In recent years many comics have tried, seriously and facetiously, to address the impact of superheroes on world events. Others attempt to explain why the heroes didn’t affect events; Earth-2’s Hitler found a mystic artifact that kept the JSA at bay.
But what about the broader culture? How would the characters and conventions associated with superheroes affect the cultural world?
Lex Luthor would be represented in Disney’s Hall of Presidents, likely in an inconspicuous spot. History books would refer to him as “one of the nation’s most controversial presidents,” and the editors of encyclopedias would debate whether or not to include photographs of him in the battle armor.
Law and Order and other NY-based cop shows would feature the efforts of cops to solve rapes and murders while avoiding massive, city-destroying fights.
Friends fans would remember the one that opened with Phoebe helping sweep up the Central Perk after it sustained damage when the Thing chucked a Hummer at Dragon-Man.
Capes would be a fashion statement, girls who dress in ultra-skimpy clothes would be emulating admirable, heroic female role models, and gangstas, hoodlums, and posers who wanted to be really hardcore would wear purple and green battle armor as in, “did you catch the fly battle armor Snoop wore to the MTV Music Awards?
You’d be able to buy “Hulk Damage Insurance.”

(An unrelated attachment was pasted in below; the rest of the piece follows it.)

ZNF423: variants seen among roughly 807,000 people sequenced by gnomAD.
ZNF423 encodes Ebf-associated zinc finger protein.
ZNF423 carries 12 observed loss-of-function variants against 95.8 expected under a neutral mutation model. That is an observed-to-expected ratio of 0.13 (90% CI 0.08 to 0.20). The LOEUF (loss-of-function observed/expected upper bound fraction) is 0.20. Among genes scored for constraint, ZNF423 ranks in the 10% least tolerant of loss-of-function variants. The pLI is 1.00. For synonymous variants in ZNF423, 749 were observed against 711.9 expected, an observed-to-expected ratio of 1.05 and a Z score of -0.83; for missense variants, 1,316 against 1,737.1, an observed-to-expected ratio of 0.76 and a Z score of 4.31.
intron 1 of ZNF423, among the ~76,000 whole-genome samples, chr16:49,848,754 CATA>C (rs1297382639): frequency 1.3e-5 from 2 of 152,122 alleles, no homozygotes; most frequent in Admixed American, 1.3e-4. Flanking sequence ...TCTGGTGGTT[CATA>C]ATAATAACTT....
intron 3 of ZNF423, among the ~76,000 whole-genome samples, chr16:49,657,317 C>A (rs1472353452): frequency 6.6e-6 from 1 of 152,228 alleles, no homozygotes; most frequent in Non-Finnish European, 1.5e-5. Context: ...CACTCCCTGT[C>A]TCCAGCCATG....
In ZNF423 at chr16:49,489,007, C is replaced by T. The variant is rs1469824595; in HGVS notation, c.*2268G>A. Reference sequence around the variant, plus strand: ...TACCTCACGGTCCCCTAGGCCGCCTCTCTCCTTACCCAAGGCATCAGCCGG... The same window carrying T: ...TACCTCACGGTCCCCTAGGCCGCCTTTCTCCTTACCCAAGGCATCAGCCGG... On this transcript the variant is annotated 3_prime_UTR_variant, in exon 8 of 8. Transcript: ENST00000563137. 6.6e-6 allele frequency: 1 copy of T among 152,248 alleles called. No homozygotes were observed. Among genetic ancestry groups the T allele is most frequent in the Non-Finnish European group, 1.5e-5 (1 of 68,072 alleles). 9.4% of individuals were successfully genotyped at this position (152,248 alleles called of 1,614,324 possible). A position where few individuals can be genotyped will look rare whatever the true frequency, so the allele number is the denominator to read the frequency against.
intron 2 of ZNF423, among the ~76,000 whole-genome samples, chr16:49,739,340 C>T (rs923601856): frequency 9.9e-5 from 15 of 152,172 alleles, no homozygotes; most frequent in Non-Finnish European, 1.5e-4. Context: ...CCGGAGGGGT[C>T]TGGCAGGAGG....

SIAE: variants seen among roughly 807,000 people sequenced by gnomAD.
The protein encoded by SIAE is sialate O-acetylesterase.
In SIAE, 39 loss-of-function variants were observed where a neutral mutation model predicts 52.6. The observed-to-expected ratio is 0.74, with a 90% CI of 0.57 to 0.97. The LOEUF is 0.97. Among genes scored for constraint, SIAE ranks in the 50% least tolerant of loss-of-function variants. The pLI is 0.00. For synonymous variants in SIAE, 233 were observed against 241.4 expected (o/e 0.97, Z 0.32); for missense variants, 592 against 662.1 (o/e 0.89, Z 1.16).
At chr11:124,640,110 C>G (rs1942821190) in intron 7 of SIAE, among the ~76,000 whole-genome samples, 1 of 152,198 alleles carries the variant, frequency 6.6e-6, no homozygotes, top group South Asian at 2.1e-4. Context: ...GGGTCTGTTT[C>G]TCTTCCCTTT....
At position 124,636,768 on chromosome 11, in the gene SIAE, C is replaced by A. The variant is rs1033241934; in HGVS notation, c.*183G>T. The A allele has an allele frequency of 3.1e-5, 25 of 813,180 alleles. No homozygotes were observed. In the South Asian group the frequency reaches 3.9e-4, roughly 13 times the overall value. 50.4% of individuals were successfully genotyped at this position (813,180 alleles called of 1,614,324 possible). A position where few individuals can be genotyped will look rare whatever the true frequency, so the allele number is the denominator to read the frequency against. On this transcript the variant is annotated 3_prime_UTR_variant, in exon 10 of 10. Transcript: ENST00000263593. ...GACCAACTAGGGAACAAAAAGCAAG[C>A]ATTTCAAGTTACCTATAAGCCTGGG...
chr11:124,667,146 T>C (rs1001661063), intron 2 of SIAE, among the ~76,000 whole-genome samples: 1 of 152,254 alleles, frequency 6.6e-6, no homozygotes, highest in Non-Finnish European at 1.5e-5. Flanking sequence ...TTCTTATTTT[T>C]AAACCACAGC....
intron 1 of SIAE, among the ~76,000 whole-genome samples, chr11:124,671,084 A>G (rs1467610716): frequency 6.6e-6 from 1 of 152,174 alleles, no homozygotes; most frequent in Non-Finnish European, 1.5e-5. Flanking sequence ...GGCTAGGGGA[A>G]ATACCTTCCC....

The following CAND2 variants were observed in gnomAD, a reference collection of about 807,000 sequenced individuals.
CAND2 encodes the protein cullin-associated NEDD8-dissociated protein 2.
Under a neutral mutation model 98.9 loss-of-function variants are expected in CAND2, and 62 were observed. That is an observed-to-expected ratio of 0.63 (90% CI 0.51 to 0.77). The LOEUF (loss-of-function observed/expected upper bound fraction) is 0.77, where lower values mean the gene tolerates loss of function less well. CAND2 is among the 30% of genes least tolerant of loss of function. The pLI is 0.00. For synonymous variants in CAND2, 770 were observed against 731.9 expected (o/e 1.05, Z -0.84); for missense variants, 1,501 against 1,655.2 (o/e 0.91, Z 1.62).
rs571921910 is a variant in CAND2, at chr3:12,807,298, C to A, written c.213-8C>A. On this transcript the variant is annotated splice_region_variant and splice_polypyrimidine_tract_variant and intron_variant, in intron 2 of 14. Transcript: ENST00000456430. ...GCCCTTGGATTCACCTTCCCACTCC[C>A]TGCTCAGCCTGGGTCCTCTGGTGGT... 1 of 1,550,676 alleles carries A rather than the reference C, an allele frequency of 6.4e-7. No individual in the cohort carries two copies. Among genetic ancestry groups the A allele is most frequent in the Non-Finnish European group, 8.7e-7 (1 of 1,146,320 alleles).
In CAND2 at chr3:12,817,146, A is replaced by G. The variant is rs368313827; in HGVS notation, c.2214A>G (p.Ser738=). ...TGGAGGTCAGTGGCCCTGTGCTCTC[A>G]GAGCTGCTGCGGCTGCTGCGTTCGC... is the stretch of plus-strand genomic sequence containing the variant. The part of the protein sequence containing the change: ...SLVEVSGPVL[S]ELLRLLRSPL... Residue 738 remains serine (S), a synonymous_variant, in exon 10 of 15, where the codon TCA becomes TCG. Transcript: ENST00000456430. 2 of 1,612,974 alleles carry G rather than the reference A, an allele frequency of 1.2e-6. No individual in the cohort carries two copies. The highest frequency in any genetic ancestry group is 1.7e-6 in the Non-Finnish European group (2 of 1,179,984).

Thrill-seekers would risk life and limb exposing themselves to radiation, mysterious ancient artifacts, and needlessly complex lab accidents in the hopes of acquiring superpowers. Hospitals would have Radiation, Mystic Artifact, and Needlessly Complex Lab Accident Wards.
There’d be Institutes for the Study of Metahumans and X-Factor Mutants.
Classical mythology would be studied with the understanding that the gods are real. Humanities departments would try to book a classical deity as a guest lecturer.
Videogames and fantasy novels would be considered almost realistic. TV wrestling, however, would still seem fake.
Respected biographer Frank Miller would face a character defamation suit over All-Star Batman and Robin (I’m kidding. Batman would never sue…)
The typical soap opera would have at least one metahuman character with a dual identity. Soap fans would be talking about the episode where Whitney found out that Chad was really Captain Superlative.
Reality tv would boast titles such as Who Wants to Marry a Superhero? featuring someone like Wonder Man or Marvin and America’s Next Sidekick
Those early 70s cartoon where the Brady Kids met Superman and Wonder Woman would’ve been regular episodes of the show.
Oh, yeah. We’d read pirate comic books.1
1. E2’s Chainstore suggested the reference to Watchmen.